Is It Time to Rebrand?

May 2019 Insight: Rebrand Resources Header

May 2019 Insight coverAn overview of the reasons for rebranding and the steps needed to successfully give your brand image a complete makeover.


Rebranding has become the hopeful catalyst for many organizations—including many real estate companies—to grow, become more modern and resonate with consumers. Some have been successful, and some, not so much.

“Your brand is the heart, soul and promise of what you are to your customers,” said Jim Heininger, rebranding strategist at his company Rebranding Experts in Chicago. “But you need to revisit and redefine what your promise is to your customers. Once you answer that, it will indicate if you need to rename your organization, have a new visual identity or design a new logo for it.”

But many organizations that rebrand put a lot of attention on the logo, he adds. “But that’s not the most important thing to customers.”

When Heininger sits down with his clients, he tells them the first step is to answer fundamental questions. What has changed in the marketplace for you do to a rebranding? Why is your brand still not relative for return or new customers? Where is the industry going? Can a new technology application help better service your customers? How do you represent that in your brand? What about your current brand is limiting your business growth?

In a survey about rebranding success by The Dixon|James Co., Heininger’s public relations’ firm, it showed 81 percent of organizations which rebranded introduced an entirely new logo, 69 percent introduced an entirely new name and 75 percent staged an external launch event and public announcement.

Most Recent Rebranding in Real Estate

In March, Coldwell Banker Real Estate LLC announced a new vision when it kicked off Project North Star. Included in that was a new logo with a star in the top right corner, symbolizing the company’s consistent, reliable presence guiding everyone home. The company also announced its new mission statement: “We empower our people to leave their mark on the world of real estate.”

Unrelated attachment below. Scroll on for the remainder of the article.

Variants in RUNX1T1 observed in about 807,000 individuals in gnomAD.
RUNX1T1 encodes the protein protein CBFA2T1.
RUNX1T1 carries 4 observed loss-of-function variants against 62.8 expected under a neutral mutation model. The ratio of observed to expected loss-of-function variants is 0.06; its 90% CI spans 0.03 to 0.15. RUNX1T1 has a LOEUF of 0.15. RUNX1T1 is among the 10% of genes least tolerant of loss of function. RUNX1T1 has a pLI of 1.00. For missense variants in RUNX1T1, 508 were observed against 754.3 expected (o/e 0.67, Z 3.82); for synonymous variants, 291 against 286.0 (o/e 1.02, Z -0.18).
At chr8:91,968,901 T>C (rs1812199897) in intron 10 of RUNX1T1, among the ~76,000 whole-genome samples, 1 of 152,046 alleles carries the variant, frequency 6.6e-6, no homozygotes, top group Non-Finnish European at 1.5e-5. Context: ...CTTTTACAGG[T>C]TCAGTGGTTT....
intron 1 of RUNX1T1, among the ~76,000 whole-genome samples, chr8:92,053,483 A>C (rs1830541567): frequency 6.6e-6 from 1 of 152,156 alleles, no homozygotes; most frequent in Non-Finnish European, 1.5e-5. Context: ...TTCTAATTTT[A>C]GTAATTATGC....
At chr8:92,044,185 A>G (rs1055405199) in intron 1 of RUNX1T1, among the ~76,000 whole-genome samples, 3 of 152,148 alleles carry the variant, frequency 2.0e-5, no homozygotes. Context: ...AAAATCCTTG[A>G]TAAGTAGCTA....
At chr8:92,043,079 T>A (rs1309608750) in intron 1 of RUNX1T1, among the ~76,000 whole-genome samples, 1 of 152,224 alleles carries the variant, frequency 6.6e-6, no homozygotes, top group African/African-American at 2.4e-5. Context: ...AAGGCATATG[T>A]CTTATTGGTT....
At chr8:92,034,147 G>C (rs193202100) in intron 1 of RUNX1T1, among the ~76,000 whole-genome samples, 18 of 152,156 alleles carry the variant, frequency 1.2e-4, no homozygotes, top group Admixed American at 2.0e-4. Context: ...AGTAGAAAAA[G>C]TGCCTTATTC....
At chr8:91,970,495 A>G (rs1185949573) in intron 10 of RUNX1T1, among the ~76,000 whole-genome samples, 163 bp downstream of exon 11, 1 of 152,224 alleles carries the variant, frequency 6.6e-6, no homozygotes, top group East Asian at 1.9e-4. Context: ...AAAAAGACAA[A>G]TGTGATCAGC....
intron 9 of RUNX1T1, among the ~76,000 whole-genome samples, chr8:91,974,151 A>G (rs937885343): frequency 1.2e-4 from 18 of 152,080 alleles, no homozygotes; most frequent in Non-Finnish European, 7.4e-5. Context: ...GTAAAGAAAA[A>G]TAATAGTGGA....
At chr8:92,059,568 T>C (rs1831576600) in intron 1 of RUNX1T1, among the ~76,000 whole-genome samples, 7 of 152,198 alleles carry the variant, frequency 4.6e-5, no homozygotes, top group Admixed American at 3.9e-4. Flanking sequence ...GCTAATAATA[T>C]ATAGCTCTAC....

This was the first time in nearly 40 years that it changed its logo and adopted a fresh mission. The brokerage’s box logo was limiting in this digital media era. In research, the mission statement had an 80 percent approval rating, and consumers said the new logo represented an innovative brand 80 percent more often than the exiting logo.

“I love it. I think it still contains all the Coldwell Banker heritage with a new twist,” says Rosemary Buerger, broker associate at Coldwell Banker Advantage in Cameron.

She read about the changes via social media. She will have to order new business cards, but the cost will be minimal such as $60-$150 for the changes at most.

“As an agent, it gives me the opportunity to sing the praises of my company further by showcasing the rebrand,” she adds. “It’s really about staying present in business and showcasing what we do, from the logo to sort of boots on the ground working with clients.

Overall, the response has been positive toward the rebranding in her circle.

“It will be rolled out over the next year, so the hard launch date is not here yet. It’s about staying in front of the changing footprint of real estate and keeping current,” Buerger explains. “A logo is one part of who I am as an agent, so it’s part of my marketing tools. I love that my brand is forward thinking and embraces change as it’s needed.”

Kent Hanley, CEO of Coldwell Banker Howard Perry and Walston, headquartered in Raleigh, has 15 offices in central North Carolina.

“We had a feeling there was going to be a big announcement this year, and that was it,” Hanley says. He learned about the new logo and branding at the opening event of the Coldwell Banker GenBlue Conference in Las Vegas in March.

“There was a lot of excitement around it, and I was very thrilled about the new logo. We are looking at the logo as a new, crisp representation of the CB brand,” he adds. “The logo will scale better now in our marketing. Coldwell Banker is giving us two years to implement these changes, which will be good.”

May 2019 Insight: Rebrand-Real Estate Branding imageHe doesn’t know yet how much all of this change will cost his company with letterheads, yard signs and more. “Currently, we are using and replenishing the materials that are vital for our day-to-day needs, but are not going out and ordering thousands of business cards or yard signs. We will wait for January 2020 to start the rebrand,” Hanley states.

What it takes for companies to rebrand

Back in 1978, when RE/MAX came up with its balloon logo, there was no digital or social media advertising. So, the company decided in the fall of 2015 to bring the idea of changing it to the CEO.